And guess what; it 100% works! Why? Because of gorram Dr. Wagner Jr. and the Arena Ciudad de Mexico crowd, that’s why. I throw the crowd in there too because all Wagner really does in this match is sell a beating (which in fairness, he does very well); in fact, I think his son has more offense than he does! But Wagner’s popularity was so massive at the time that AAA could’ve put him with both Gronda’s and it probably would’ve gotten over, which this match serves to highlight. The fans reacted to EVERYTHING, be it the interference of Año 2000 Sr., Wagner getting stabbed with a pen, Wagner’s comebacks, and especially Silver King’s betrayal, an act that almost led to a full scale riot with fans throwing debris into the ring and some fans even charging the ring (in fairness, that dude was probably a plant). That reaction was so memorable that only one moment beat it; Wagner winning the match after breaking a beer bottle over Año 2000 Jr.’s head, a callback to Año 2000 Jr. doing the same to Wagner a few weeks ago. Aside from Kobashi/Kikuchi vs. The Can-Am Express and CM Punk-John Cena, I don’t know if I’ve ever heard a louder crowd. And that’s the magic of this match. Yes it’s overbooked to the nines, features little to no actual wrestling and, I’ll say it again, features a performer I wouldn’t trust with a potato gun. And yet Wagner, AAA’s booking team and the crowd made it work to the point that I irrationally love this match. If this is the work Wagner does with a talentless hack like Máscara Año 2000 Jr., imagine what he’ll do with an over guy like Psycho Clown! You know, provided AAA can get him into the building that day.
16. Psycho Clown vs. Texano (Triplemania XXII)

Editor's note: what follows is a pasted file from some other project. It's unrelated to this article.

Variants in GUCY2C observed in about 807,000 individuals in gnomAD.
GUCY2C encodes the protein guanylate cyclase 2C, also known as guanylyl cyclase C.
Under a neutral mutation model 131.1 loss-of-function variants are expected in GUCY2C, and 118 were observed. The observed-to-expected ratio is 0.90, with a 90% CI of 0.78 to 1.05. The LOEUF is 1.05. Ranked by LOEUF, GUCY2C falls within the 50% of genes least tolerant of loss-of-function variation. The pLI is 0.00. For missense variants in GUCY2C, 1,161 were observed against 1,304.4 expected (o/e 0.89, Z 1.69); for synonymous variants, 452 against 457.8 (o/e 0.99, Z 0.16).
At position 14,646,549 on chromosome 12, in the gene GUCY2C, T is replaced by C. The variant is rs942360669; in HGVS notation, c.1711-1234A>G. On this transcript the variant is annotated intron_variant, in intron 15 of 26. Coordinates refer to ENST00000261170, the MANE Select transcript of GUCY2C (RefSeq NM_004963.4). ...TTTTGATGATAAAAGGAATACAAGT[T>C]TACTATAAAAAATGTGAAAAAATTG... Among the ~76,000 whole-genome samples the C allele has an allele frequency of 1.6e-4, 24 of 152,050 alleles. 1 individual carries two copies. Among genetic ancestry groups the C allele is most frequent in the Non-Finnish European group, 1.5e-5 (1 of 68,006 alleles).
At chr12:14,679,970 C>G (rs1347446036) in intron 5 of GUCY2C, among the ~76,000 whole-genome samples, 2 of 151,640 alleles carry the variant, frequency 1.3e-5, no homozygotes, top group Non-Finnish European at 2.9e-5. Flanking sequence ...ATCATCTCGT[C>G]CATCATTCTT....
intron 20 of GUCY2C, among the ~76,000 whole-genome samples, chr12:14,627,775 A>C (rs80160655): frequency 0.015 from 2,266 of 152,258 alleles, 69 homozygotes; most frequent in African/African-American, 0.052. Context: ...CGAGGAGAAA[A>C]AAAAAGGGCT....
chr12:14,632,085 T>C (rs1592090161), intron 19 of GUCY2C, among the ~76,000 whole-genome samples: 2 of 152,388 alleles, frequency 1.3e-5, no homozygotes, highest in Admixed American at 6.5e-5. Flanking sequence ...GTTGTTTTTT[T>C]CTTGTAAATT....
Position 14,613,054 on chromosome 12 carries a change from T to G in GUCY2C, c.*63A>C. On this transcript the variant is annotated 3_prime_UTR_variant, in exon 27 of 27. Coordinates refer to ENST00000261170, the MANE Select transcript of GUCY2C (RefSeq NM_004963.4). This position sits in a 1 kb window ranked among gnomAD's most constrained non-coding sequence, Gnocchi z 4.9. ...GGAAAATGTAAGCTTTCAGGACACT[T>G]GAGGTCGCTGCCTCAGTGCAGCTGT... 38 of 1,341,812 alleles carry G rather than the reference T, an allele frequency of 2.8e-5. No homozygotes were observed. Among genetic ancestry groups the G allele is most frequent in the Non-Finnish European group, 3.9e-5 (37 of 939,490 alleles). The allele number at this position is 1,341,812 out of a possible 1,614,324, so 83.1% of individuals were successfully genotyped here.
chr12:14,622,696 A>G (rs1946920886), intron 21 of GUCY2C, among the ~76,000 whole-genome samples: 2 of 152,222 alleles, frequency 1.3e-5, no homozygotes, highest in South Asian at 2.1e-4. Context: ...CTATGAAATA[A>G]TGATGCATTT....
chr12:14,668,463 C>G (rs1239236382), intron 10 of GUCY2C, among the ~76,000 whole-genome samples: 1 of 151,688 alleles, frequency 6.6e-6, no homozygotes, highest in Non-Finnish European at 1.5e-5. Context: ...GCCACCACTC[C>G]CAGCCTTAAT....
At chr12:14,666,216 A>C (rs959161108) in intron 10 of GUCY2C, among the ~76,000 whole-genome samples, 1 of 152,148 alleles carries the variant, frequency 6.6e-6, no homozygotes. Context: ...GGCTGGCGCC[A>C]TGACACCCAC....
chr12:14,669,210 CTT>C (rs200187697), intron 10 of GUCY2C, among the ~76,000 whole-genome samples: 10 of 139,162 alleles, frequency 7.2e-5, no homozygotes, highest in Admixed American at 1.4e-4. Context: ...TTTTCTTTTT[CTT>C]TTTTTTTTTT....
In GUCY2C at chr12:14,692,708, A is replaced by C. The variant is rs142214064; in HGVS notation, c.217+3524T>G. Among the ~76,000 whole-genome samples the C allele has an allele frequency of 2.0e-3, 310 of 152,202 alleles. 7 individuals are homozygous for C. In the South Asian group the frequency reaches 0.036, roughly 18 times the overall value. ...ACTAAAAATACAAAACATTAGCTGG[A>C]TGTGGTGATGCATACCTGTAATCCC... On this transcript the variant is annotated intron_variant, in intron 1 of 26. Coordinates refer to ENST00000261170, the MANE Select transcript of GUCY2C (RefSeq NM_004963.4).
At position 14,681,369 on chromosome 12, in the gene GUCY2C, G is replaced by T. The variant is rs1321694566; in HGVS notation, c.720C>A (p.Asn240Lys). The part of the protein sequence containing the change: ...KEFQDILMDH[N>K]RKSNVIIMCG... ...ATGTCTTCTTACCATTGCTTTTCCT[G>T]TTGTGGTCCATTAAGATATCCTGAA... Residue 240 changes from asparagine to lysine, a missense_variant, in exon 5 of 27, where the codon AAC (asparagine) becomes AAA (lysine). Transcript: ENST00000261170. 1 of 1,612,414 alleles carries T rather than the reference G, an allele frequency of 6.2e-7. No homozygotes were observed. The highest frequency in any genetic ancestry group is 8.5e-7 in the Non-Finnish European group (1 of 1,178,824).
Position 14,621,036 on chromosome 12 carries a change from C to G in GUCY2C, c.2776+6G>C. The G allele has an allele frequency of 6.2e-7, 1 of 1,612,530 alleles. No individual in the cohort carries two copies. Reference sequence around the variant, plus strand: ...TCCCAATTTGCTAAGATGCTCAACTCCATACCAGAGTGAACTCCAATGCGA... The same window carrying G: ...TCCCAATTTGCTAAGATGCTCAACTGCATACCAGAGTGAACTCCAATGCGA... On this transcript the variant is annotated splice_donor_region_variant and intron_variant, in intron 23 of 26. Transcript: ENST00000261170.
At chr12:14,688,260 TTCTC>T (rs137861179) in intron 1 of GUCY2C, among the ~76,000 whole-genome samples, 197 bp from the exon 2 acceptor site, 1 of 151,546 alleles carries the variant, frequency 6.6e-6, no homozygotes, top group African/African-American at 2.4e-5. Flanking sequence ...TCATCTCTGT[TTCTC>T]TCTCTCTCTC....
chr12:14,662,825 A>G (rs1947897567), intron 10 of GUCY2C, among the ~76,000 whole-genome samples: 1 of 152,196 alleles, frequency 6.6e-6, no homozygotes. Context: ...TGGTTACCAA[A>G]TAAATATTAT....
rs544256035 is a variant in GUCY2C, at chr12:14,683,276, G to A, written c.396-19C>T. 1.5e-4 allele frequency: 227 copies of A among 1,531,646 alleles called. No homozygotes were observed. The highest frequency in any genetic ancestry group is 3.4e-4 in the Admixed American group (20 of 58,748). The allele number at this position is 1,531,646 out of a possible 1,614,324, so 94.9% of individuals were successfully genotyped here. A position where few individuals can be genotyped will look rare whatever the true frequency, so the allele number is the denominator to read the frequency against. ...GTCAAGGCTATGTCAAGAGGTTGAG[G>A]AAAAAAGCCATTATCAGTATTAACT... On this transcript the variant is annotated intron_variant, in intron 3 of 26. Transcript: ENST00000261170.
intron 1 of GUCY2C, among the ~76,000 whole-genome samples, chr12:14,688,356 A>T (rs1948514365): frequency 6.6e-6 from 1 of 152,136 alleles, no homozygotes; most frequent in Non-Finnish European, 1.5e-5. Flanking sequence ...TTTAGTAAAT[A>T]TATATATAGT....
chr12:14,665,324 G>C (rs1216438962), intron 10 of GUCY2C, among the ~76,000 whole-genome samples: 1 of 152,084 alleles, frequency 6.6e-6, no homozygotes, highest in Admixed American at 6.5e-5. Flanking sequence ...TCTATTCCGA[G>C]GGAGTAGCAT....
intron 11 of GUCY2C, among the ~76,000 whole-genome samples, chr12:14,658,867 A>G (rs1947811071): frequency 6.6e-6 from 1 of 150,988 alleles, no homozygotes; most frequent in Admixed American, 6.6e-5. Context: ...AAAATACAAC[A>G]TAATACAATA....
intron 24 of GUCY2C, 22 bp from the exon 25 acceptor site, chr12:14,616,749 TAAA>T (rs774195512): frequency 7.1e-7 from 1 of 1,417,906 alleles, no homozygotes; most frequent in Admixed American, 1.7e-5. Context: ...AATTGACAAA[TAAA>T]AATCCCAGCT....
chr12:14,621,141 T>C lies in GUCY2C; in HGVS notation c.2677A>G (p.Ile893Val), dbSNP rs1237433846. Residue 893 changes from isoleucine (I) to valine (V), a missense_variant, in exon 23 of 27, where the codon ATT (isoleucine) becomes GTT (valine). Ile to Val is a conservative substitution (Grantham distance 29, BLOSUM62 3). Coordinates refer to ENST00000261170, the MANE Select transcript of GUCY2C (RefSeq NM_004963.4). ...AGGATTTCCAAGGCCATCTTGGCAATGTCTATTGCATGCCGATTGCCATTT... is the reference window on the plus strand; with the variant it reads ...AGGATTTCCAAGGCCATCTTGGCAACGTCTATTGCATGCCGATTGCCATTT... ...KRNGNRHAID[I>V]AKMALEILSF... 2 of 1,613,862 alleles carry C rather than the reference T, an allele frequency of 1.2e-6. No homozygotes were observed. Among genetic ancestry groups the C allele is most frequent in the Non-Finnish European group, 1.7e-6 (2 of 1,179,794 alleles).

Take the same formula you had in Psycho Clown-Pagano, make it a little less violent, add more interference and you’ve got Psycho Clown vs. Texano. Oh I almost forgot; you’re also adding more ability because Texano, for all his flaws, is a vastly superior worker than Pagano is. As such these two proceeded to have the best of three worlds; they had all the inexplicable violence of a big AAA match, they had the entire spectacle and they actually had decent workrate. The only thing missing is the massive crowd reactions of other big Triplemania matches, which is understandable considering Texano is Texano and Psycho Clown wasn’t quite the most over man in the living room at the time. But that aside, this is as good as it gets from modern day AAA and is easily one of the top three matches to come out of the last three Triplemania’s. Don’t worry; we’ll get to the other two shortly.
And just like that, part two is in the bag sports fans. I’ll be back tonight with a review of CMLL’s Tuesday show, part three of this series tomorrow and a review of tomorrow night’s Lucha Underground. That’s a lot of writing! Till this evening, THIS!